If you keyword optimized a page for 1 or 2 keyword variations, then the landing page should give you a good idea of what a user is looking for when they land on your site.
Lastly, if you find the geographical report under search engine optimization it will show where the traffic is coming from. This might be more valuable to a brick and mortar business but it can still show you where a lot of your users are based.
This is important for local search and long tail city specific keyword phrases.
For example, say you sell raincoats in Seattle but most of your users come from Bellevue.
Then you can make a page on your site optimized for selling coats to people in Bellevue to see if you can get more traffic from search.
Google Analytics Report #3 Events
Events are any action taken on your website. It can be a form submit, watching a video, or clicking a link (amongst others). If you are not familiar with websites and code it could be a little tricky to get one up and running on your website.
Luckily Google makes it pretty easy.
Here is the developer link to make the piece of code needed to create an event.
If that is not helpful you can try this website to generate the code.
Or try and install a plugin on your WordPress site.
An event is a great report to monitor because it gives you actionable data on what users are doing on your site.
If you’re website’s goal is to have someone sign up for your weekly email newsletter, then tracking an event can tell you how effective the placement, copy, and user experience are for the form.
It makes split testing much more effective if you have a way to find how many people convert based on an event.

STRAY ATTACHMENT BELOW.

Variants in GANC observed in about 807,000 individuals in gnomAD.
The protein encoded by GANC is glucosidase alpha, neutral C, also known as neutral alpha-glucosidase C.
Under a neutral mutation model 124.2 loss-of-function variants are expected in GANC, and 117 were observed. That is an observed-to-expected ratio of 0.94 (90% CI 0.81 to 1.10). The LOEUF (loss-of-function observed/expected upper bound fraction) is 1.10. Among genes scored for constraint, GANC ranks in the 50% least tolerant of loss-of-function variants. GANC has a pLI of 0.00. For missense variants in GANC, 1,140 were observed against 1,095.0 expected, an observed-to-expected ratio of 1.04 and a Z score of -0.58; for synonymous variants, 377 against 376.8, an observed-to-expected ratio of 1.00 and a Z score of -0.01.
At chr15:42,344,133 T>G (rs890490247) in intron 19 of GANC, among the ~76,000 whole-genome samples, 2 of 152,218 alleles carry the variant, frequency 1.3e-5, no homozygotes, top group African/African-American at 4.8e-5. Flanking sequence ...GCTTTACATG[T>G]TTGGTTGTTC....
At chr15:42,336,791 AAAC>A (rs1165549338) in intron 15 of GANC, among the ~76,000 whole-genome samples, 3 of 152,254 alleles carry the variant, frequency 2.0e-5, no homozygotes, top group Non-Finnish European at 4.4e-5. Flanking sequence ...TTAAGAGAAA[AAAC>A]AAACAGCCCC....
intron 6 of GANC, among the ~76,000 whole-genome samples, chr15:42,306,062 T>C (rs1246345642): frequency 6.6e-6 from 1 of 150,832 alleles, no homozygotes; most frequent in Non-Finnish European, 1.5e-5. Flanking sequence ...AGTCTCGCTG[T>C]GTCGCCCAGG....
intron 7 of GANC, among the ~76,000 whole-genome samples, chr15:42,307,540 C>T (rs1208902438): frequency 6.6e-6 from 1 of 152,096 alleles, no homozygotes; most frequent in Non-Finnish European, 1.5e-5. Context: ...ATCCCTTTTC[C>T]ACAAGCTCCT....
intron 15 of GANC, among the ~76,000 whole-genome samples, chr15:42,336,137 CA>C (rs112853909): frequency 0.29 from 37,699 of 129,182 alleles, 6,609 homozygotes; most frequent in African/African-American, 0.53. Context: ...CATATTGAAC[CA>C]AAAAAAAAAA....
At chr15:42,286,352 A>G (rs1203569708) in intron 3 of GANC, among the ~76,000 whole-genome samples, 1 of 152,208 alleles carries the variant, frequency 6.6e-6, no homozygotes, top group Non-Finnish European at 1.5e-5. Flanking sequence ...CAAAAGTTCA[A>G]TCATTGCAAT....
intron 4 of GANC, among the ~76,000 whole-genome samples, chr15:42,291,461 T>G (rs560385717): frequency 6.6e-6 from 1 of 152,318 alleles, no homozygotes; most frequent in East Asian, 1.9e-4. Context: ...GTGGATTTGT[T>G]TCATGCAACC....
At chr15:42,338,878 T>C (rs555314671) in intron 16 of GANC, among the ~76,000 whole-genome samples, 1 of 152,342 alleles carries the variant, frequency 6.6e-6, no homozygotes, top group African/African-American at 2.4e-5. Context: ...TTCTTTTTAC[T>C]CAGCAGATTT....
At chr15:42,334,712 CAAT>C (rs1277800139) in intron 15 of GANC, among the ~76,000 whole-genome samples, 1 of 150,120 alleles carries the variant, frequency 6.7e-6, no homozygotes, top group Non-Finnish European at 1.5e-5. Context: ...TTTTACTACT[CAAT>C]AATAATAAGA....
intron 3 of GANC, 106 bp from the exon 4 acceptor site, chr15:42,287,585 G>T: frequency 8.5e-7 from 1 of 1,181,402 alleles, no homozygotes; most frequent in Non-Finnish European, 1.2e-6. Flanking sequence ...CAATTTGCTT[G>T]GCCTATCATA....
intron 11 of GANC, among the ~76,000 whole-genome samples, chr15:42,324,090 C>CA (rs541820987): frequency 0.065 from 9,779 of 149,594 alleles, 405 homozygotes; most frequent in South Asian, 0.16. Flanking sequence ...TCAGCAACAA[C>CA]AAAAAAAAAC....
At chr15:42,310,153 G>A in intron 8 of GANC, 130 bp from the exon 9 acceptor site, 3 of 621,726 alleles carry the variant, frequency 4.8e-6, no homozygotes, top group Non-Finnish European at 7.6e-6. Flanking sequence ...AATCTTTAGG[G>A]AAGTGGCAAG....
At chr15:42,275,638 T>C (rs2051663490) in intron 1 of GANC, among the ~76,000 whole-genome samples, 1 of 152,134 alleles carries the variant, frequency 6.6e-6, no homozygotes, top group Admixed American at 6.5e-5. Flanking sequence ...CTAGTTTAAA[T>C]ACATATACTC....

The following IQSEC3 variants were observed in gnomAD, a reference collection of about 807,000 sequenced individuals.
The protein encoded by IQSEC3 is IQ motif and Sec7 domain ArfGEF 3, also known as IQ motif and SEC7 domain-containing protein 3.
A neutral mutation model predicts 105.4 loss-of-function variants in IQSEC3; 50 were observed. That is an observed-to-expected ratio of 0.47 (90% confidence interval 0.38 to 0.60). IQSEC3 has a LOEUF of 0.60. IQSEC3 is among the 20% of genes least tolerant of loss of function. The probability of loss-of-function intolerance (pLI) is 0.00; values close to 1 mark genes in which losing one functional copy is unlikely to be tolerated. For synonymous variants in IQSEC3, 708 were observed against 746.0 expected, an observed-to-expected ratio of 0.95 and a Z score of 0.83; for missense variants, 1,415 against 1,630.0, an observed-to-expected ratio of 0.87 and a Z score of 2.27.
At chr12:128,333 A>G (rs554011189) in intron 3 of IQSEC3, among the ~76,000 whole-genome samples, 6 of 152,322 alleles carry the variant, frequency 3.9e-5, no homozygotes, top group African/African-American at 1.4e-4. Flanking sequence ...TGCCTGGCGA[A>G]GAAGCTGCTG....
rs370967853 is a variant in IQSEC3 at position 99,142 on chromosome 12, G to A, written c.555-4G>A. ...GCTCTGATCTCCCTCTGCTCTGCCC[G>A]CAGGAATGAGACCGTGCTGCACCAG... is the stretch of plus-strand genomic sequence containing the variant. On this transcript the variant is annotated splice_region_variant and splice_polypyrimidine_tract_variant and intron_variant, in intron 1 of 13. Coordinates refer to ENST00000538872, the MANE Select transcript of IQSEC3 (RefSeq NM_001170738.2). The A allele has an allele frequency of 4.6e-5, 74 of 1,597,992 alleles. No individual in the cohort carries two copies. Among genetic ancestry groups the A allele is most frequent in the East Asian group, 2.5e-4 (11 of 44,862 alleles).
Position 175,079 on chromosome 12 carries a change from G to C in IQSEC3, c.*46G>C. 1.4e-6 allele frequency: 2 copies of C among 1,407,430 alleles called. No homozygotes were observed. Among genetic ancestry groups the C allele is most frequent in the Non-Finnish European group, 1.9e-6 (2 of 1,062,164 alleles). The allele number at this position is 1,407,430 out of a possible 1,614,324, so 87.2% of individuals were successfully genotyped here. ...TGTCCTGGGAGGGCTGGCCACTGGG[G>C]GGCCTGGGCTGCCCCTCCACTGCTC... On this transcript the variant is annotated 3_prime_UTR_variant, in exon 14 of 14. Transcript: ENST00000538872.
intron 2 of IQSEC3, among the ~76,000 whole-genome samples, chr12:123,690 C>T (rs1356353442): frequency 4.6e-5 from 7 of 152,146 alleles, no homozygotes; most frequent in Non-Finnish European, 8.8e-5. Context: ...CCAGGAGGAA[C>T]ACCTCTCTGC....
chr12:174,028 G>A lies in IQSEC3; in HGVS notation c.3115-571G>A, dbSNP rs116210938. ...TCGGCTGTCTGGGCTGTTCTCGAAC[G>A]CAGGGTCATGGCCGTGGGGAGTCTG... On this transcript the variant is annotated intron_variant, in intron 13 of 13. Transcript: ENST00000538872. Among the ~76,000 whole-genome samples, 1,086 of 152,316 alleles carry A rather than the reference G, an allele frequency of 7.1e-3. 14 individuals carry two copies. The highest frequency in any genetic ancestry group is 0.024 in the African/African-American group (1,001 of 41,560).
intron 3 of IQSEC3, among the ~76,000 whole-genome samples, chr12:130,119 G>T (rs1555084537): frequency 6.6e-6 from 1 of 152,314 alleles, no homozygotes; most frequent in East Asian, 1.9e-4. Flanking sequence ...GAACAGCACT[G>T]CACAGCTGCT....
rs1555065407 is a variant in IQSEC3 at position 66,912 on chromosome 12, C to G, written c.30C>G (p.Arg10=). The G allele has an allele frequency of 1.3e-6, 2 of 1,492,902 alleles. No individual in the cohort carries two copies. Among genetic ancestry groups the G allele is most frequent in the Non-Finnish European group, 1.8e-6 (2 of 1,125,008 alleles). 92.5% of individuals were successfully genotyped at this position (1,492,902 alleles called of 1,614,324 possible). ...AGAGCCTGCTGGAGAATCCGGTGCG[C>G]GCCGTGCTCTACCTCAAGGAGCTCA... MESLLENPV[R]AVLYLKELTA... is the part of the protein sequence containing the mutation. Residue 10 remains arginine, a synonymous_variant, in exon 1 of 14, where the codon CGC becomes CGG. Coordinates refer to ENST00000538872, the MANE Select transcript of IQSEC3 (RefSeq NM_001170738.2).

The more data the better.
Google Analytics Report #4 Goals
A Goal is similar to an event but it can be a little more in depth. A goal is anytime a user satisfies a rule on your website. It could they hit the home page, sign up for a demo, and then successfully make it to the thank you page.
To set up a goal go to admin > goals > and create a goal.
There are predefined goals like visiting a page URL (which supports wildcards) or you can get more technical with a regular expression.
Google Analytics Report #5 Behavior Flow
This last report is a great for websites that must educate a user before they complete an action. Some websites are simple and when you hit the home page it is immediately clear what the goal of the site is.
For example: Instagram wants you to sign up and start using their social media site.
But a website that needs to build credibility, show competency, and show pricing needs to create a few pages to achieve this.
The Behavior Flow report will show you how users move through your site. This is important to see where users are leaving or not getting to the page that has the conversion on it.
If you find that someone goes to your home page, then your portfolio, and then leaves…your site might need to take a look at the work displayed on the portfolio.
Maybe a user gets all the way to the sign up page and leaves? Consider simplifying the sign up process or building more credibility right at the end of the process.
Here is what a behavior flow report looks like.
And there you have it. The top 5 most important google analytics reports. If you need help getting Google Analytics set up on your site or finding these reports, leave a comment on here and I will help you out.